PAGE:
So on the basis that she had two years to take her test (the CBT and the Theory Test that she had passed expiring after this time) we decided she could get some experience under her belt before tackling the tests.

And I was very proud of her when on one of our first ride outs together she inquired…. “can I go green laning on a VanVan?” I like that sort of enthusiasm!

On the subject of motorbike training I have to say after my many years of riding bikes, I’m often unimpressed with modern training schools, the bikes are often well bashed (understandable but failure to rectify this on a regular basis doesn’t present a very professional image), hi-viz jackets and loan equipment often looks grubby and quite often their facilities aren’t exactly confidence inspiring. Rebel Dog were no different in this respect, operating out of a shabby porta cabin in an industrial estate car park.

However all was going well and her confidence and riding were improving nicely when she broke her shoulder in non bike related incident….

This set Grainne back a few months but this summer she got back in the saddle and started  riding the VanVan again and I'm pleased to say,  despite her claims to “have forgotten everything” she clearly hadn’t!

I then happened to spot a good deal from BMW. Having just brought out their new G310R, a perfect next bike after the test they were also offering a package for the new rider. Their “Rookie to Rider” scheme is based around a 2 year PCP of a G310R but in addition and for no extra charge they throw in a 7 day training course including CBT and both test modules at the BMW Rider School (worth £1800) and £1100 worth of BMW riding kit… what was not to like?

The deal was done, a shopping trip to the clothing department of BMW Wollaston Motorrad in Northampton duly undertaken and the training course booked, although the earliest slot was not until late September. We also got to see her bike that had already arrived in the showroom. It was wearing a 17 number plate but upon finding out it couldn’t be collected until after the training course, they re-registered it on a correct 67 plate.

The date eventually arrived and having booked a week off work, Grainne decamped to my sister Gina’s house for the week as she only lives 10 minutes away from the Rider School that is based just north of Royston on the Hertfordshire/Cambridgeshire border.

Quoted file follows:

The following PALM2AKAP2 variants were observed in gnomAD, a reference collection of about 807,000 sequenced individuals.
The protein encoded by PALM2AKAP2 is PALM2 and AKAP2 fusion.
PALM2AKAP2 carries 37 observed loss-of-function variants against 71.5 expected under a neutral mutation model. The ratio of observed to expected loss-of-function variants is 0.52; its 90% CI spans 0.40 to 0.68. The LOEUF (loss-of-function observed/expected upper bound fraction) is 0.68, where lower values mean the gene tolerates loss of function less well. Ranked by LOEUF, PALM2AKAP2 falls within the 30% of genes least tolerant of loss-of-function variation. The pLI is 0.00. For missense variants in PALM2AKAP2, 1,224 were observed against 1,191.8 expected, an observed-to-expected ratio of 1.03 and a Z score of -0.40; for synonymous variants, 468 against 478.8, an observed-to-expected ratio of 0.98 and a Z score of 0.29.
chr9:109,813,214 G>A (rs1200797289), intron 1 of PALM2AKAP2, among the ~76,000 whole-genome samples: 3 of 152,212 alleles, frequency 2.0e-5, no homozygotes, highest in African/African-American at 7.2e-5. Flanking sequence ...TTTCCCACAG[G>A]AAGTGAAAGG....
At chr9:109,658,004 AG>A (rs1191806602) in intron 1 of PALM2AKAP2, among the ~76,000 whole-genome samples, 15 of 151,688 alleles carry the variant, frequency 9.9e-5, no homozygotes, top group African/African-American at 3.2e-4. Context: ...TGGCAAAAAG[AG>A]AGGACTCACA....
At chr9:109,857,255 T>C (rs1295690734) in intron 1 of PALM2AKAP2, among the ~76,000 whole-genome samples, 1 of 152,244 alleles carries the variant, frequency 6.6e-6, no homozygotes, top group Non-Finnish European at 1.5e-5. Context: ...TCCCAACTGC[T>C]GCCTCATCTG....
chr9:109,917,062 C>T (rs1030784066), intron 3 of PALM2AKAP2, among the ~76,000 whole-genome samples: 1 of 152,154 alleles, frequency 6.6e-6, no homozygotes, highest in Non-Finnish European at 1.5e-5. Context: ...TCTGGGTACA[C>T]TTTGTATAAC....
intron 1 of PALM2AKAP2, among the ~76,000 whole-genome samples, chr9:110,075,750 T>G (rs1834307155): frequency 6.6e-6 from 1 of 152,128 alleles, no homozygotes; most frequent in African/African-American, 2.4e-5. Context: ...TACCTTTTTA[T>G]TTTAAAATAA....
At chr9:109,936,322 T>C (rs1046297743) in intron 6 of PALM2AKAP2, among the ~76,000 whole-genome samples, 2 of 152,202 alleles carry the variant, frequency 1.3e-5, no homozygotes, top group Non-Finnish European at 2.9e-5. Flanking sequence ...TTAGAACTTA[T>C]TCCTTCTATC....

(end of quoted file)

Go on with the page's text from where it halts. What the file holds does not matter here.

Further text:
Grainne fully expected to be training on a G310R which would enable her to get an A2 licence (bikes up to 47 bhp) but although they had just taken delivery of them at the school,  they stuck her on a BMW F700GS!

Thankfully it was the lowered suspension model with the low seat option but still quite a beast for someone of Grainne’s height. A week of training followed including a refresh of her CBT on a 125 and then training at the rider school and many miles around the Cambridgeshire roads. Her training was very professional and even included a trip to the test centre near Cambridge to practice the Module 1 test in the exact place she was taking it rather than the normal car park in an industrial estate. 

Thursday dawned and full of trepidation she headed off for her first test, of course she needn’t have worried and passed easily! First hurdle surmounted!

The next day it was back to take the Module 2, on-road test and once again she passed! And as she had done both on the 700, she has a full A class licence with no restrictions! To say I'm really proud of her would be a huge understatement!

That evening, the ceremonial removal of the L plates was followed by a ride round the local lanes on the VanVan whilst I followed on my Honda CB500X, this was also my first foray onto two wheels following my knee injury.

Then on the Saturday morning we headed off to Wollaston BMW, two up  on my Honda to collect her new bike. Cue one happy biker and a fun ride home on the back roads to Milton Keynes.

Wednesday 25 October 2017

Back in the Saddle Part 2

All started well, I was impressed that the road book mileage was absolutely spot on with what my ICO trip meter was showing, not bad considering the road book is created with Rally Navigator Pro software, using Google Maps in satellite view. There were only a couple of changes to make as I progressed, such as adding a prominent junction that riders go straight through so not originally marked (the rule being, if it’s not on the road book, go straight on) but I decided it would make a good check for riders due to being very distinctive, in other words you couldn’t really be anywhere else, so a good point to check and correct your mileage.. Or the point where a broad gravel track becomes a narrow dirt single track was not quite where I had judged it to be from the satellite view.